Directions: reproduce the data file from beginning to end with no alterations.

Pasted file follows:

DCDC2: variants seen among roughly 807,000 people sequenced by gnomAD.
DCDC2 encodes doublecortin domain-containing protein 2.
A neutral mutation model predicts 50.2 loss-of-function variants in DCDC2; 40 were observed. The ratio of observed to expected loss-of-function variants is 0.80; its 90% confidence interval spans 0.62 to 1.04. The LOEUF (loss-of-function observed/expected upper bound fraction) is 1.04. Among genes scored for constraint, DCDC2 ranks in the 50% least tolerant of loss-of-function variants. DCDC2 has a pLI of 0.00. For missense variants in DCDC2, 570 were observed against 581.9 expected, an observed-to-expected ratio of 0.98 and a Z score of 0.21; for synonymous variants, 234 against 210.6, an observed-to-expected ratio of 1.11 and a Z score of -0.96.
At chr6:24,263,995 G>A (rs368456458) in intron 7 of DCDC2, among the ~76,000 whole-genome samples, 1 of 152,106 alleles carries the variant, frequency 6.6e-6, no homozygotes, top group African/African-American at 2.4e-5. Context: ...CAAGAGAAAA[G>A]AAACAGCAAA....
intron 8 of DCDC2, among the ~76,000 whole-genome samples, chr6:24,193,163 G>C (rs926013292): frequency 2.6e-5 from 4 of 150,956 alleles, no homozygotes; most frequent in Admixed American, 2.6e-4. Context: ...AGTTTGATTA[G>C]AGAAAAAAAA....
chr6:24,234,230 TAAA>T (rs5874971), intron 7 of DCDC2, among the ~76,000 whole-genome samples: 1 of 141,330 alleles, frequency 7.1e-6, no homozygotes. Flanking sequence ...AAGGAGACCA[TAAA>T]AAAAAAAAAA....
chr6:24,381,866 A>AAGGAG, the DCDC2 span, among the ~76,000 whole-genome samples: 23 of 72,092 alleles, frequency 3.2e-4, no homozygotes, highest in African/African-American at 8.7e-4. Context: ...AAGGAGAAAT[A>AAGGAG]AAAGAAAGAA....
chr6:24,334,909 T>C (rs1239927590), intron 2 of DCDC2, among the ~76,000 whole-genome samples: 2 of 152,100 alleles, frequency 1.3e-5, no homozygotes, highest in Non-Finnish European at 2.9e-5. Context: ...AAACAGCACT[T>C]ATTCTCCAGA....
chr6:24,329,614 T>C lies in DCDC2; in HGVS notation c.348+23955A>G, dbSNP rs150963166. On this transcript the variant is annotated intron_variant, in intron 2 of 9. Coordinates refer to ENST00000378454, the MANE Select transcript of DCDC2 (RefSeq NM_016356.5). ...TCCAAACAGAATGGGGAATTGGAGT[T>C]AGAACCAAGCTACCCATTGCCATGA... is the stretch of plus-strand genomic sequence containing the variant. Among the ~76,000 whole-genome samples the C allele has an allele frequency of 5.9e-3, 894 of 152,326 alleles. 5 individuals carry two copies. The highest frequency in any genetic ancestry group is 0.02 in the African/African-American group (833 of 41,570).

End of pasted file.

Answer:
DCDC2: variants seen among roughly 807,000 people sequenced by gnomAD.
DCDC2 encodes doublecortin domain-containing protein 2.
A neutral mutation model predicts 50.2 loss-of-function variants in DCDC2; 40 were observed. The ratio of observed to expected loss-of-function variants is 0.80; its 90% confidence interval spans 0.62 to 1.04. The LOEUF (loss-of-function observed/expected upper bound fraction) is 1.04. Among genes scored for constraint, DCDC2 ranks in the 50% least tolerant of loss-of-function variants. DCDC2 has a pLI of 0.00. For missense variants in DCDC2, 570 were observed against 581.9 expected, an observed-to-expected ratio of 0.98 and a Z score of 0.21; for synonymous variants, 234 against 210.6, an observed-to-expected ratio of 1.11 and a Z score of -0.96.
At chr6:24,263,995 G>A (rs368456458) in intron 7 of DCDC2, among the ~76,000 whole-genome samples, 1 of 152,106 alleles carries the variant, frequency 6.6e-6, no homozygotes, top group African/African-American at 2.4e-5. Context: ...CAAGAGAAAA[G>A]AAACAGCAAA....
intron 8 of DCDC2, among the ~76,000 whole-genome samples, chr6:24,193,163 G>C (rs926013292): frequency 2.6e-5 from 4 of 150,956 alleles, no homozygotes; most frequent in Admixed American, 2.6e-4. Context: ...AGTTTGATTA[G>C]AGAAAAAAAA....
chr6:24,234,230 TAAA>T (rs5874971), intron 7 of DCDC2, among the ~76,000 whole-genome samples: 1 of 141,330 alleles, frequency 7.1e-6, no homozygotes. Flanking sequence ...AAGGAGACCA[TAAA>T]AAAAAAAAAA....
chr6:24,381,866 A>AAGGAG, the DCDC2 span, among the ~76,000 whole-genome samples: 23 of 72,092 alleles, frequency 3.2e-4, no homozygotes, highest in African/African-American at 8.7e-4. Context: ...AAGGAGAAAT[A>AAGGAG]AAAGAAAGAA....
chr6:24,334,909 T>C (rs1239927590), intron 2 of DCDC2, among the ~76,000 whole-genome samples: 2 of 152,100 alleles, frequency 1.3e-5, no homozygotes, highest in Non-Finnish European at 2.9e-5. Context: ...AAACAGCACT[T>C]ATTCTCCAGA....
chr6:24,329,614 T>C lies in DCDC2; in HGVS notation c.348+23955A>G, dbSNP rs150963166. On this transcript the variant is annotated intron_variant, in intron 2 of 9. Coordinates refer to ENST00000378454, the MANE Select transcript of DCDC2 (RefSeq NM_016356.5). ...TCCAAACAGAATGGGGAATTGGAGT[T>C]AGAACCAAGCTACCCATTGCCATGA... is the stretch of plus-strand genomic sequence containing the variant. Among the ~76,000 whole-genome samples the C allele has an allele frequency of 5.9e-3, 894 of 152,326 alleles. 5 individuals carry two copies. The highest frequency in any genetic ancestry group is 0.02 in the African/African-American group (833 of 41,570).